Ideologies are political, scientific or philosophical systems of ideas or thinking which, using especially linguistic means, serve the particular goals. The goals can be political influence in society, or even a revolution, but they may also be a tacit influence advancing peacefully in a given society. A scientific ideology may lead to a new paradigm. (Helin 1995:14.)

The standard ideology encourages prescription in language, which could be described as manipulation through terms and language. This kind of prescription is dedicated to the principle that there must be one, and only one, correct way to use a linguistic item. (Milroy & Milroy 1985:52.)

Here we search not only for implicit features to reveal the background existence of a totalitarian society, but also for explicit terms showing the relationship between the rulers and the co-operative institution. Such terms include government officers who appoint the auditors and who are given the right to control the whole system of auditing.

Totalitarianism is considered a hyperonymous concept to fascism, communism and marxism (Fairclough 1989:84). In Germany, the Nazi totalitarian revolution was quickly realized by prohibiting the activity of other political parties than the NSDAP, suppressing trade unions and issuing and changing an enormous number of laws. By summer 1933, i.e. in a couple of months, all political power was already controlled by Nazis. (Helin 1995:61.) In a totalitarian society, the analysis of political or economic language for special purposes (LSP) is unavoidably faced with the problem of the existence of ideological terms in general. This problem produces a need to determine how ideologies function in expressions and words chosen for a particular text. After an extensive general analysis of texts published by the German co-operative movement during societal crises of different historical periods, their effect was mapped out using special terms and instances of special language as markers (Helin 1998). In this paper, Nazi legislative texts are analysed in the same way, using the results obtained.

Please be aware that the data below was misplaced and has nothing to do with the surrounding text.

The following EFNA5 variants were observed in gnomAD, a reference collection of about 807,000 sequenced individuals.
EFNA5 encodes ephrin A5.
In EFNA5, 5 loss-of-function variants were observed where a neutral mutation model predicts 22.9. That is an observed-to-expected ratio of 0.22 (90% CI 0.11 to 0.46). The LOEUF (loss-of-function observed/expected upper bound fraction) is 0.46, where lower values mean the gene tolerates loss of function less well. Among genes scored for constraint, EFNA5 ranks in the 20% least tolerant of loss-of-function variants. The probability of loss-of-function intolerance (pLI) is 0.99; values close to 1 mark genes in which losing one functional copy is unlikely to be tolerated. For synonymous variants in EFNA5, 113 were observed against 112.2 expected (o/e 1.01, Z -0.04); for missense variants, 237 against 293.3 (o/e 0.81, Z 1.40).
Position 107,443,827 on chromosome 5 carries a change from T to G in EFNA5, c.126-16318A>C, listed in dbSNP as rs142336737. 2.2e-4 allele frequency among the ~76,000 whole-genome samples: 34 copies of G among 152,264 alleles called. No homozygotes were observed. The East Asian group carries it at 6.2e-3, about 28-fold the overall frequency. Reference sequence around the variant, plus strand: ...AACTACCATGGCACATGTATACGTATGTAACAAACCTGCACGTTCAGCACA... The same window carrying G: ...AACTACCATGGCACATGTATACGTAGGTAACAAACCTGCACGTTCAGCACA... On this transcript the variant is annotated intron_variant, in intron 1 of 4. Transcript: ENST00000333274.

Ideology, especially a totalitarian ideology, is most effective when its workings are least visible. If a violation occurs against the common sense previously prevailing in society, the hidden ideology becomes visible and ceases to function properly in the way politicians or other ideological powers intend. Invisibility is achieved when ideologies are brought to discourse as background assumptions, which lead the producers of a text to "textualize" the world in a particular way, and, this in turn forces the reader to understand the text in a particular way (see also Fairclough 1989).

In my PhD research on co-operative LSP from different historical periods I found implicit textual features revealing an ideological background variable inside or outside the institution itself. In each analysis, similar texts from two historical periods were compared quantitatively to confirm the existence of any textual features which showed a radical change in the surrounding society (1914 and 1918; 1931 and 1933; Bavaria 1919 and GDR 1948, Nazi Germany 1934 and GDR 1985; GDR 1989 and 1990).

Several common features were found to implicate an ideologically undermined meaning: (i) Political terms appearing in previously unpolitical and neutral language for special purposes; (ii) Repetition of manipulative terms; (iii) Diachronic references; (iv) Previous or present enemy implicitly referred to in the text; and (v) Terminologically defined purposefulness. In other texts of the corpus these features were missing.